Wednesday, September 30, 2009

October Newsletter


Dear Churches and Brothers and Sisters in Christ,


The month of September has flown by. One of the highlights was when Maria Jose, a lady who was saved a few months ago after receiving one of our gospel tracts, and has been coming to church regularly, followed the Lord in believer's baptism. It was quite a night--I had to make two trips in my van to help some of the other church members arrive at the ocean where we were going to hold the baptism, and as it usually goes when I went to pick everyone up, not all were ready, setting me behind by an hour. When we got to the beach where there is easy access to the ocean pools where we usually baptize, the city had roped off the shoreline due to renovations, so we had to walk several blocks down to a new spot where we could get to the water. It was starting to get near dusk, and I knew our time was running short if we wanted to baptize in what was left of the daylight. Pedro had prepared a short message, we sang a hymn, and we proceeded toward the Atlantic ocean. This part of the shore was filled with rocks, not sand, so walking was treacherous. As we neared the water, the rocks were covered with a slimy algae, making walking without slipping nearly impossible. It was one of the most difficult baptisms I have ever had--but praise the Lord we made it out alive! We celebrated afterwards with some tortilla wraps Carolee had made for the event, and it was an evening we will always remember!


We are continuing our Friday night Bible study on the south side of the island with Caesar, Marisa, and their two daughters. They both would like to be baptized as well, so we are planning another baptism this month near their home. I am also planning on doing some door to door visitation in the area where they live to see if there is any interest in possibly starting a new church plant in their town. According to Caesar, there are no good Bible preaching churches near their home. Please pray that the Lord will open doors if it is His will.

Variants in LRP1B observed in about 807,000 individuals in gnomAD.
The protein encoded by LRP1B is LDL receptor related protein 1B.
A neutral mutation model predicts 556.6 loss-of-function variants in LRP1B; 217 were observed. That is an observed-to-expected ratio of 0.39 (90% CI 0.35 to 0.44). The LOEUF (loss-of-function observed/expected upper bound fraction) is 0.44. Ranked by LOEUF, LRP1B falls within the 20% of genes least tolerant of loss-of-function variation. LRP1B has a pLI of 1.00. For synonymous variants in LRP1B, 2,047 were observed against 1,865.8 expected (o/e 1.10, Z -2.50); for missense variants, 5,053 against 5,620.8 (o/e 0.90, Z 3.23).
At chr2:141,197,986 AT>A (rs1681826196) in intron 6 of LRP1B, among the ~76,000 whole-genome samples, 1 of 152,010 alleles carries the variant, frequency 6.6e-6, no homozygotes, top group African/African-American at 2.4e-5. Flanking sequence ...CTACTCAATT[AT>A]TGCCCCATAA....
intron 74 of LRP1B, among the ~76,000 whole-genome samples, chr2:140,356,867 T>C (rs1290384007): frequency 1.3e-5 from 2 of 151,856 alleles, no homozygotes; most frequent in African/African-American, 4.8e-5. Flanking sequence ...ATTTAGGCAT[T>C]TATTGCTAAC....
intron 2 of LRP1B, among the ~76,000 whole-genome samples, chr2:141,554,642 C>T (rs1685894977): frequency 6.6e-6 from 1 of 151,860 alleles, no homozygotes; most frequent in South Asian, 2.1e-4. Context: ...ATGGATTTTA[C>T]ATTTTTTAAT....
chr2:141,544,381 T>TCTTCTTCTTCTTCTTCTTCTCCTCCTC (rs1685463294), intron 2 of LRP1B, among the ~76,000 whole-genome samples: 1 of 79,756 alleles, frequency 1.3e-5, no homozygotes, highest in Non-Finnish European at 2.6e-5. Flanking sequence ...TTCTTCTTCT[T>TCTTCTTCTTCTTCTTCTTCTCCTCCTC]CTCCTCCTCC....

I have been doing some door to door evangelizing in an area called Anaza, and have had some very fruitful visits. It seems that the people there are fairly receptive, or at least a little friendlier to the gospel. I consider it a success here when people will give me a chance to explain the gospel--so many times people won't even let you get a few words in, so in this aspect I have had some good witnesses. Please pray for the people in this city and that our efforts would bear fruit.


This reminds me to be patient--over a year and a half ago a hotel gardener gave me a small bird of paradise plant--I had expressed to him how much I love these colorful, exquisite flowers. He told me to be patient because it would take a long time until it bloomed. Every month I would check to see if any blooms had sprouted, and every month there was nothing, but lo and behold, this month it finally bloomed. It is a gorgeous gift from our Great God, Designer and Creator of the Universe! Sometimes we have to be patient in the ministry as well, as we don't always see fruit as quickly or as often as we would like, but each soul is worth it.